"Years of life" is a good example of the kind of soundbite you seem to suggest that the "layman" requires. The industry has certainly obliged.  But to express any light fade rates in terms of "Years on display" requires a critical assumption about average daily light levels in the display environment. That's a fool's game because the uninformed public takes these "light standardized" ratings as gospel for how the prints will age in many different environments and without bothering to ask what the prints will actually look like when they reach the quoted age number (e.g., some fade, lots of fade, or totally unrecoverable image). Real world light levels of prints on display, even in just one individual's home, typically vary by two sometimes three orders of magnitude. So, go ahead and make three prints using the same materials and process. Place them in three different locations in your home where you might like to have them on display. One may fade noticeably in 2 years, another in 20, and another in 200. How would you rate the product in terms of display life? I choose not to convolute the real world light levels into the rating, so I stick with megalux hours. Then anyone (with a wee bit of knowledge) can use a simple table (and a light meter for more accuracy if they wish) to figure out that the brightest location described above will fade the print 100 times faster than the safest location, and they can complete their own "display life" prediction based on a rational knowledge of their chosen display environment.  The formula is 6th grade math, maybe not even.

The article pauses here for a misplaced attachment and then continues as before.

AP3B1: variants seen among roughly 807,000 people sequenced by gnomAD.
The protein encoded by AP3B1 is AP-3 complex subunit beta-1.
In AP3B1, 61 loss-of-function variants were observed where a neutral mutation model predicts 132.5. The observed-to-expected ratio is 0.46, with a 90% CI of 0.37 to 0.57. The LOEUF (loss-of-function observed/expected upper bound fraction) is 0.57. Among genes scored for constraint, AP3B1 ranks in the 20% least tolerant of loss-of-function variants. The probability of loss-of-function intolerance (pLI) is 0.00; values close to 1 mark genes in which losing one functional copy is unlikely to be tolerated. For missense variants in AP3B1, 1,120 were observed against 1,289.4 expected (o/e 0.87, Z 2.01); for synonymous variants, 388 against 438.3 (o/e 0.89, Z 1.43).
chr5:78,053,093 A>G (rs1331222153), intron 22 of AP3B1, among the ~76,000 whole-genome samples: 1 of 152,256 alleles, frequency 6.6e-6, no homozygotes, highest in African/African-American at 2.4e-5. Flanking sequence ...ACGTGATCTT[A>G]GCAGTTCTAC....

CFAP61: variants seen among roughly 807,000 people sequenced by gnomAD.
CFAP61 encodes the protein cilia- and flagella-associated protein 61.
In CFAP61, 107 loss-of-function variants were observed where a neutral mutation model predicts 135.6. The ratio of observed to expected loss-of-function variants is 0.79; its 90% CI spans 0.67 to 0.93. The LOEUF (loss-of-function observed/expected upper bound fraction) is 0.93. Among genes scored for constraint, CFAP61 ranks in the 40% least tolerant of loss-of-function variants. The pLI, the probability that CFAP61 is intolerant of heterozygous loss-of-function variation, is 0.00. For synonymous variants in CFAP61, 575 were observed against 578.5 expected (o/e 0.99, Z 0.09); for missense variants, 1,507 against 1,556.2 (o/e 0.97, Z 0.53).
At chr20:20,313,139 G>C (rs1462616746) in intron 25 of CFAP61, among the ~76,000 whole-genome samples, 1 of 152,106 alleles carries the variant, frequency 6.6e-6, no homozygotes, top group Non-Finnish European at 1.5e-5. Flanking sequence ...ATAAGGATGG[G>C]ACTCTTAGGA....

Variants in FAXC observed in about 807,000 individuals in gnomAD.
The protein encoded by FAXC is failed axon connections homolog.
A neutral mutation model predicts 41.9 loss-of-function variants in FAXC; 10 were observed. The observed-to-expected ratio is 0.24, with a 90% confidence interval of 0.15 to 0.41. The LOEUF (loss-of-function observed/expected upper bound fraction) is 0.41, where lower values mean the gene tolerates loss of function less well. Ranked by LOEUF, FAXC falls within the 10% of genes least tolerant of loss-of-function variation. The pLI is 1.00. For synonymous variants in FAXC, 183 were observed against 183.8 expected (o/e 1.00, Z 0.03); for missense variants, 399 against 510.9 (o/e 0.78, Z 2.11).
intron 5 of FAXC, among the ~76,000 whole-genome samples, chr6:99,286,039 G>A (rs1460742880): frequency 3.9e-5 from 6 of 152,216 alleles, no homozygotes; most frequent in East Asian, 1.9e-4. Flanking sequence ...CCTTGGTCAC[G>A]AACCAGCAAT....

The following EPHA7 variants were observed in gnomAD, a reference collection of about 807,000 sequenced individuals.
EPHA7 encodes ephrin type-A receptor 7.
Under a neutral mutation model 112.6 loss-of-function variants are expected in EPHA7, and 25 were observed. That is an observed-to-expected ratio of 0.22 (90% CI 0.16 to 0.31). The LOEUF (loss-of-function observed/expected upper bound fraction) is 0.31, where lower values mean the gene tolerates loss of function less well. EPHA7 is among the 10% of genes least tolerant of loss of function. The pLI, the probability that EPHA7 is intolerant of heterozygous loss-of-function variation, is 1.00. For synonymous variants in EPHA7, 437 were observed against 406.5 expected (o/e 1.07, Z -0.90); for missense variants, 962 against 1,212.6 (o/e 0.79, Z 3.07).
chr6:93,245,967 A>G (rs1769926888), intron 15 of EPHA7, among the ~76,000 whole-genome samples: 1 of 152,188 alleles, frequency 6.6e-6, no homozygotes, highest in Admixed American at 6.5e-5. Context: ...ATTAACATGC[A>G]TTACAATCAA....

As far as getting too bogged down in a discussion "in a place like this", you may be right. But I think many LL readers are interested and would rather hold these discussions here than not hold them at all. What's the alternative? Quit discussing print permanence in this forum because some people think the subject matter is too difficult or too corrupted with false claims and faulty research?